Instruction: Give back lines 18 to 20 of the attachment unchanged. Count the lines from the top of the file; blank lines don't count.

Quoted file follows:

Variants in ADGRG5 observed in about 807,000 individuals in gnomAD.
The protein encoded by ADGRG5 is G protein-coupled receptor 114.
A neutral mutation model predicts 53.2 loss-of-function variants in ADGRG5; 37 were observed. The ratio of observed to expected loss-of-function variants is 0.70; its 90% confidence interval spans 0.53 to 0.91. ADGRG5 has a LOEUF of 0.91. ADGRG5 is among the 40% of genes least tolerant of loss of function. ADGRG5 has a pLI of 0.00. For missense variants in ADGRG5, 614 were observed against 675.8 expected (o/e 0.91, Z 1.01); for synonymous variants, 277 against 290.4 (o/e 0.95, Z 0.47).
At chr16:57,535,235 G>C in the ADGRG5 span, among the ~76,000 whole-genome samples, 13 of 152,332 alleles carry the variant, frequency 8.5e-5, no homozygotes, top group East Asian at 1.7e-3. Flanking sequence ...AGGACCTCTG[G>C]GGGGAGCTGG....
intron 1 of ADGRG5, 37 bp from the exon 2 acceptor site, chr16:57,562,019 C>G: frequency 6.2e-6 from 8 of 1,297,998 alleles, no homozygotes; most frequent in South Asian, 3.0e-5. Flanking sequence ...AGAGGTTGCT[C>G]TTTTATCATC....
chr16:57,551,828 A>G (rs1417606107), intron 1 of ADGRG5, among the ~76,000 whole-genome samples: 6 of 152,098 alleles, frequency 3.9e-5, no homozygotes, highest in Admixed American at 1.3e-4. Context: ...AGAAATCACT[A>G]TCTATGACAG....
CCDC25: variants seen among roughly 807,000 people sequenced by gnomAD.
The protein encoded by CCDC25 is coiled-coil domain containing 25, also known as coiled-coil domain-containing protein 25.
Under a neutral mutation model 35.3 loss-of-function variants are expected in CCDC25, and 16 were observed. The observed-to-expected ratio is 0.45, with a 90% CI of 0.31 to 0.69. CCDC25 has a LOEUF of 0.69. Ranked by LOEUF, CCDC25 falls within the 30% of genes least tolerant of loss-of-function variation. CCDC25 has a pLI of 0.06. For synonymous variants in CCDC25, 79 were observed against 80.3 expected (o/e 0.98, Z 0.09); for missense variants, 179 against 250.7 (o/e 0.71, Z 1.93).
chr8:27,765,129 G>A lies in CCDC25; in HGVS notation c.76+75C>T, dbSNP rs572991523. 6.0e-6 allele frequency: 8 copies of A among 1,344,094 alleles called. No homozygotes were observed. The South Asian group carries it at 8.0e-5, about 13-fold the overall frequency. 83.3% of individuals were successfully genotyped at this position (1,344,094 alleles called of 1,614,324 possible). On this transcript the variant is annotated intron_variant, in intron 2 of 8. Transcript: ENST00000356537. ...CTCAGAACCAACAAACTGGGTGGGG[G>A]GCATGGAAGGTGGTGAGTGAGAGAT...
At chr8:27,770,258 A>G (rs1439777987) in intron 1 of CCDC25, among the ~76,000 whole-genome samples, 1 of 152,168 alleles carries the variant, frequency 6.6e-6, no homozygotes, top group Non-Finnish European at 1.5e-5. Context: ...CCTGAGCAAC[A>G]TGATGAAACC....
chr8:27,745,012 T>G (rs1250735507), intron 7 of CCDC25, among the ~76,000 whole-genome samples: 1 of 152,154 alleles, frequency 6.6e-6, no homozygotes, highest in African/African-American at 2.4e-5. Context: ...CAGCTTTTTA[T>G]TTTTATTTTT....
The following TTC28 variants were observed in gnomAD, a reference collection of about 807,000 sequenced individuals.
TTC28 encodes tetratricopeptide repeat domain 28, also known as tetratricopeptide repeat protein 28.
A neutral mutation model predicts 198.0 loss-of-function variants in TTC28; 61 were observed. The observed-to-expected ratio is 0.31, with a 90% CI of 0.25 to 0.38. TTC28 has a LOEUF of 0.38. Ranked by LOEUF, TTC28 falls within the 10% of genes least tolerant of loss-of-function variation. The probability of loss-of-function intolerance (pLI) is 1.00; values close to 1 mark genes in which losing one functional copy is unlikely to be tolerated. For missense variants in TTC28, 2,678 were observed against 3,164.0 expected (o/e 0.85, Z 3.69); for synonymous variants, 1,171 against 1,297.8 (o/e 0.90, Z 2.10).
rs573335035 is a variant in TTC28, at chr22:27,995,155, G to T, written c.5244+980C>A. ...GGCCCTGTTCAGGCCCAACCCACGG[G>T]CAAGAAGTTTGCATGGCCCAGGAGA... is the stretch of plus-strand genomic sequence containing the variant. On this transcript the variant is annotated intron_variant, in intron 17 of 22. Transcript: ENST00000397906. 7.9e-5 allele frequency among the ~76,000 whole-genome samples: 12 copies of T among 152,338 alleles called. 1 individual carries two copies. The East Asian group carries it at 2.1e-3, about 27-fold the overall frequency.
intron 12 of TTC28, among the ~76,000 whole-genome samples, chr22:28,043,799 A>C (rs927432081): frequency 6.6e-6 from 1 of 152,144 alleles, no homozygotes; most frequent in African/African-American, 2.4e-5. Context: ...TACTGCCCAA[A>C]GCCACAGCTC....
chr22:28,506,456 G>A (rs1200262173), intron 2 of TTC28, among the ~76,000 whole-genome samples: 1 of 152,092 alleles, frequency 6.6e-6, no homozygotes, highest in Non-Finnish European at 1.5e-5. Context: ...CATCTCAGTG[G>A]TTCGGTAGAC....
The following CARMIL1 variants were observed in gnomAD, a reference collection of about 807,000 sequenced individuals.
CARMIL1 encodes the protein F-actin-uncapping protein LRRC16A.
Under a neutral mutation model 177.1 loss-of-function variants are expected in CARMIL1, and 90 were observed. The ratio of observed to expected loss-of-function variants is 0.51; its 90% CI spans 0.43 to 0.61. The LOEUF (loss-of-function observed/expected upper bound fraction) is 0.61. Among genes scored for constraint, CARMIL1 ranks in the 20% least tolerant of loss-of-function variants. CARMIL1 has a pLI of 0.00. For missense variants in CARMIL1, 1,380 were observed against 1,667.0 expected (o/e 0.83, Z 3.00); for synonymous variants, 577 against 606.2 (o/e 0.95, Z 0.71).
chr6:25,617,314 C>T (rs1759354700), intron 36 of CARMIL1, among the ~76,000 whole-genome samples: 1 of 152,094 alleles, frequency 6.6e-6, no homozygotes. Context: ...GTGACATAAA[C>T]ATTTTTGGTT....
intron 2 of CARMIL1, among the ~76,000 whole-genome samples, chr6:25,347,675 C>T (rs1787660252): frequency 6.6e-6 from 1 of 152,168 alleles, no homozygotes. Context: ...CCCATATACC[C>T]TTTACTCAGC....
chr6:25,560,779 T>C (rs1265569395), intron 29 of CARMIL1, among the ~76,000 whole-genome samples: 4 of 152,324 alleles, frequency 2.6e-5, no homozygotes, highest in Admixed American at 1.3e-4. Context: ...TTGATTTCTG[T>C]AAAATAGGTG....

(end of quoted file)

chr22:28,506,456 G>A (rs1200262173), intron 2 of TTC28, among the ~76,000 whole-genome samples: 1 of 152,092 alleles, frequency 6.6e-6, no homozygotes, highest in Non-Finnish European at 1.5e-5. Context: ...CATCTCAGTG[G>A]TTCGGTAGAC....
The following CARMIL1 variants were observed in gnomAD, a reference collection of about 807,000 sequenced individuals.
CARMIL1 encodes the protein F-actin-uncapping protein LRRC16A.